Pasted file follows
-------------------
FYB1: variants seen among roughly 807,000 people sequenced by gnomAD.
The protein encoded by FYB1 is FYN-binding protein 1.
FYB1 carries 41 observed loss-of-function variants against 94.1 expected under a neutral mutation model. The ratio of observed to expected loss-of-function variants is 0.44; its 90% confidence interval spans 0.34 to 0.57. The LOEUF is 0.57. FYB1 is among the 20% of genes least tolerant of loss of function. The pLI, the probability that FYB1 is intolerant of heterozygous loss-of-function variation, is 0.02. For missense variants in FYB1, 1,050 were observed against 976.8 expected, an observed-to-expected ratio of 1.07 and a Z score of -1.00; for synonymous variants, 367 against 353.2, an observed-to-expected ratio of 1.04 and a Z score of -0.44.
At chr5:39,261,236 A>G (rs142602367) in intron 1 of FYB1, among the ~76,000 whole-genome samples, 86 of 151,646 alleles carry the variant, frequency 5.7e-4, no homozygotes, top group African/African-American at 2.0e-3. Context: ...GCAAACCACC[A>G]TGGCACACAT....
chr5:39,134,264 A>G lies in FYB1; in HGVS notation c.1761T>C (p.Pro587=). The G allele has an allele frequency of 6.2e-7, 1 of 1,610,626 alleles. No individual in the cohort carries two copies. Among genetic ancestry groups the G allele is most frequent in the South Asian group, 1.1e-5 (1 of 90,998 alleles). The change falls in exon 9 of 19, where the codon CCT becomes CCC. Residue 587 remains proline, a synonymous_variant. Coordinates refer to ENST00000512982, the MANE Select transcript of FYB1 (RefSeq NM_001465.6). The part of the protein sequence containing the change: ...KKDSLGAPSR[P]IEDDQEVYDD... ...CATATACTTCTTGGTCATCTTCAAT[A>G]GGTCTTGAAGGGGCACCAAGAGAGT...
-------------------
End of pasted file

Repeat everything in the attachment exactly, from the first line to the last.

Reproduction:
FYB1: variants seen among roughly 807,000 people sequenced by gnomAD.
The protein encoded by FYB1 is FYN-binding protein 1.
FYB1 carries 41 observed loss-of-function variants against 94.1 expected under a neutral mutation model. The ratio of observed to expected loss-of-function variants is 0.44; its 90% confidence interval spans 0.34 to 0.57. The LOEUF is 0.57. FYB1 is among the 20% of genes least tolerant of loss of function. The pLI, the probability that FYB1 is intolerant of heterozygous loss-of-function variation, is 0.02. For missense variants in FYB1, 1,050 were observed against 976.8 expected, an observed-to-expected ratio of 1.07 and a Z score of -1.00; for synonymous variants, 367 against 353.2, an observed-to-expected ratio of 1.04 and a Z score of -0.44.
At chr5:39,261,236 A>G (rs142602367) in intron 1 of FYB1, among the ~76,000 whole-genome samples, 86 of 151,646 alleles carry the variant, frequency 5.7e-4, no homozygotes, top group African/African-American at 2.0e-3. Context: ...GCAAACCACC[A>G]TGGCACACAT....
chr5:39,134,264 A>G lies in FYB1; in HGVS notation c.1761T>C (p.Pro587=). The G allele has an allele frequency of 6.2e-7, 1 of 1,610,626 alleles. No individual in the cohort carries two copies. Among genetic ancestry groups the G allele is most frequent in the South Asian group, 1.1e-5 (1 of 90,998 alleles). The change falls in exon 9 of 19, where the codon CCT becomes CCC. Residue 587 remains proline, a synonymous_variant. Coordinates refer to ENST00000512982, the MANE Select transcript of FYB1 (RefSeq NM_001465.6). The part of the protein sequence containing the change: ...KKDSLGAPSR[P]IEDDQEVYDD... ...CATATACTTCTTGGTCATCTTCAAT[A>G]GGTCTTGAAGGGGCACCAAGAGAGT...